If eyes are the windows to the soul, then windows are the eyes to our world. And the windows at Kululapa offer a vista of an indigenous forest that stretches in almost every direction. Birdsong, where we stayed, is surrounded by forest on all sides and thus guests are awoken to the sound of birdcalls long before the sun makes an appearance in the valley in which this unique accommodation is set.
Upstairs in Birdsong, the Hobbit Room, as we named it, is a welcoming space for those who wish to enjoy the feeling of being almost cocooned and cossetted. Although the doorway might be of Hobbit proportions, the room itself has plenty of space and height as well as windows on two of the walls.
For those who might have a ‘thing’ about heights… You do not need to climb either of these ladders to get the geyser to operate. Everything is done at ground level. This is how the hot water geyser outside Birdsong is accessed. Heated by the wood burning donkey-boiler, that can be seen next to the structure this geyser provided more than enough hot water during the course of the day to both shower as well as wash dishes (Birdsong is self-catering). But you have to remember to stoke the fire to heat the boiler!
For those who do not know how a boiler of this nature works, it is actually quite simple. You add wood to the firebox( left of frame), light it, and the resulting fire heats the water surrounding the firebox (through the use of a heat exchanger). This heated water is then pumped through a line into this geyser and the process then repeats in a loop, providing constant off-the-grid hot water.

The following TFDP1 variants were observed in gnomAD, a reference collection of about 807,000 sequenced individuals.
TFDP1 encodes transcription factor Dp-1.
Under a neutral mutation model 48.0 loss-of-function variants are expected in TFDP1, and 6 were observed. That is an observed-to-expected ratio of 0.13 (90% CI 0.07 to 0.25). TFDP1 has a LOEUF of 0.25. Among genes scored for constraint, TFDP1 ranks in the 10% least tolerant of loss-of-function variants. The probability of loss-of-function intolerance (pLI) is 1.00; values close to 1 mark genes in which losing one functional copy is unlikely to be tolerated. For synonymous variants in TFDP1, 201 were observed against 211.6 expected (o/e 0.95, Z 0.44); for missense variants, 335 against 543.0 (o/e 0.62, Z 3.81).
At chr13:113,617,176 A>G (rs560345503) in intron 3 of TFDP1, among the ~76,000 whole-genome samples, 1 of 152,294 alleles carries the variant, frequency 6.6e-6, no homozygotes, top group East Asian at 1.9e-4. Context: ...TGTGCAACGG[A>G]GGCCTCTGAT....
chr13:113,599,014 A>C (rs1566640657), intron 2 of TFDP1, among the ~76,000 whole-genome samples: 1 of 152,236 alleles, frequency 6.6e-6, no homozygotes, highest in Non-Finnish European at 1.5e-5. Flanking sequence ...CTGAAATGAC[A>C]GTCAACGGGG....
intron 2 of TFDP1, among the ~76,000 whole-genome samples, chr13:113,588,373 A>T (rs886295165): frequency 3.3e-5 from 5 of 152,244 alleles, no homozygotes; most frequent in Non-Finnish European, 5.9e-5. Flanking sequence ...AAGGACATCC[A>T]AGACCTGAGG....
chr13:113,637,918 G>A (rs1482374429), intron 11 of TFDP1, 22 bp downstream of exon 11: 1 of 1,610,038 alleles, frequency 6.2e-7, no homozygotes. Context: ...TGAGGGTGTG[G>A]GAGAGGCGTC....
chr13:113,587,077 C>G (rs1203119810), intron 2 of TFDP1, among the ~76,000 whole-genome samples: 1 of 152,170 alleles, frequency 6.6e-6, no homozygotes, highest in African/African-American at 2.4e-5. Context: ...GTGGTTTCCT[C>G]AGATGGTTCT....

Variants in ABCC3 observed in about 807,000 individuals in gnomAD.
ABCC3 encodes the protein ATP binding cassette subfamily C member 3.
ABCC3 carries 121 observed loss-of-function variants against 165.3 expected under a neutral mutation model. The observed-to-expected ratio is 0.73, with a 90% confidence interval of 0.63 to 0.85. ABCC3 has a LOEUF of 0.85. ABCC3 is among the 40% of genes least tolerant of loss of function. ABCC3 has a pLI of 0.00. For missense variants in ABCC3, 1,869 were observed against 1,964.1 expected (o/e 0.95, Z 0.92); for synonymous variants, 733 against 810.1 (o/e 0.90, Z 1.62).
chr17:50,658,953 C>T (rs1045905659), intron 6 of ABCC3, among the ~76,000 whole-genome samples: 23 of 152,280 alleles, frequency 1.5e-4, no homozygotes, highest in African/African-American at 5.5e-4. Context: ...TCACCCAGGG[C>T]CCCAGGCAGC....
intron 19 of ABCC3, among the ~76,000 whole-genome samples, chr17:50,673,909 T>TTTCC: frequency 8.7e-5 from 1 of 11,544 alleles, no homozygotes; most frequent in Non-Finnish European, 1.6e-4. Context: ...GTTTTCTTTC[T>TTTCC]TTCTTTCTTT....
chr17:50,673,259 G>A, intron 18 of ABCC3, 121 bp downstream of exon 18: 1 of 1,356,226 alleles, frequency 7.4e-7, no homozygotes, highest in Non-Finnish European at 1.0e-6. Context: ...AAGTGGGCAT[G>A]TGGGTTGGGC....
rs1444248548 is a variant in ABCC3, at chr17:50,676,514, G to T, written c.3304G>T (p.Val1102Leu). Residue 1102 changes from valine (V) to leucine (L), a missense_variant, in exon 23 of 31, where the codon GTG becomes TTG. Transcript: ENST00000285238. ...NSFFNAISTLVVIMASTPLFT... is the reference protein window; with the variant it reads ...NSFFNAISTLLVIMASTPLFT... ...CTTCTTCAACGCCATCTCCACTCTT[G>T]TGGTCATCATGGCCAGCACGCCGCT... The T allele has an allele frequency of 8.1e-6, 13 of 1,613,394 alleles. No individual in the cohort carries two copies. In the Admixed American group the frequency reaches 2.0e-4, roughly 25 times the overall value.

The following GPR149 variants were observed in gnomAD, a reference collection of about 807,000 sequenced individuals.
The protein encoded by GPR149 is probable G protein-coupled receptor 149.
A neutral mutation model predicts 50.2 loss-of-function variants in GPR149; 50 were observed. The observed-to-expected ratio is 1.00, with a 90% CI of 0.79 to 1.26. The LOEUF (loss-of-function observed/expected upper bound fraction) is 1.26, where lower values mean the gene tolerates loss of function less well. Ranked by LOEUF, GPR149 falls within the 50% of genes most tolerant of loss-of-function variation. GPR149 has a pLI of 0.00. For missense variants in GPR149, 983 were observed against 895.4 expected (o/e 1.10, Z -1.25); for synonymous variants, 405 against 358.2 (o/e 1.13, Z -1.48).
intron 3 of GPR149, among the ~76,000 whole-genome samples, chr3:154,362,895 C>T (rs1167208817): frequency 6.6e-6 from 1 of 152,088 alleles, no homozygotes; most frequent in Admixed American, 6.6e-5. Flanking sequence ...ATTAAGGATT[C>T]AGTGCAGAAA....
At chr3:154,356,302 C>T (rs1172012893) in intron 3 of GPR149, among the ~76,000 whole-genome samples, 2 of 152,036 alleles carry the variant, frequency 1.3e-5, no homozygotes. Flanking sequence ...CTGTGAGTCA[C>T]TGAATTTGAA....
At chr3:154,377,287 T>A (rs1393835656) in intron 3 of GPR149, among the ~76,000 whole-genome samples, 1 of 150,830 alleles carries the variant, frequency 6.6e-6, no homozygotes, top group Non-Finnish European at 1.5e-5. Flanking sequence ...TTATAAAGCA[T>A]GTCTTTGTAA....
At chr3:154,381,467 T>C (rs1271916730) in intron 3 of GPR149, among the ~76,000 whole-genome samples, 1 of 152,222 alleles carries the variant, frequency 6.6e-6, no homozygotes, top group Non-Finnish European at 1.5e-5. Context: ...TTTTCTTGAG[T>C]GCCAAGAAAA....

Anything can be repurposed to make it into something useful or, in this case, a wall decoration.
Given the looks of this object, I would hazard a guess that it might be from overhead telephone/electricity lines.
I wonder when this coal heated iron was last utilized for its intended purpose? Currently, it is being used as decoration.
Did you know?
A charcoal iron was an early iteration of the modern clothes iron that is in use currently. It is called a charcoal iron because it has a container inside its base where burning charcoal was placed to heat it up. The holes that line the base allow air to circulate and keep the charcoal embers burning. Given the power outages that South Africa is currently experiencing, this might be brought back into production.
Jack be nimble,
Jack be quick,
Jack jump over the candlestick’
The rhyme is first recorded in a manuscript of around 1815 A.D. and was collected by James Orchard Halliwell in the mid-nineteenth century.
Jumping candlesticks was a form of fortune telling and a sport. Good luck was said to be signaled by clearing a candle without extinguishing the flame.
Or, it referred to this scenario…
This famous rhyme refers to an English pirate named Black Jack Smatt, who lived in Jamaica in Port Royal. He was one of the most famous pirates of the Caribbean, as he was notoriously smart, quick and nimble to escape from authorities, who, in his later pirate years, wanted to capture and hang him.
It also featured in the lyrics of Don McClean’s 1971 hit ‘American Pie’ and it was a referance to the Rolling Stone hit ‘Jumping Jack Flash:
Jack be nimble, Jack be quick,
Jack Flash sat on a candlestick,
‘Cause fire’s the devil’s only friend.
You pay your money and you take your choice.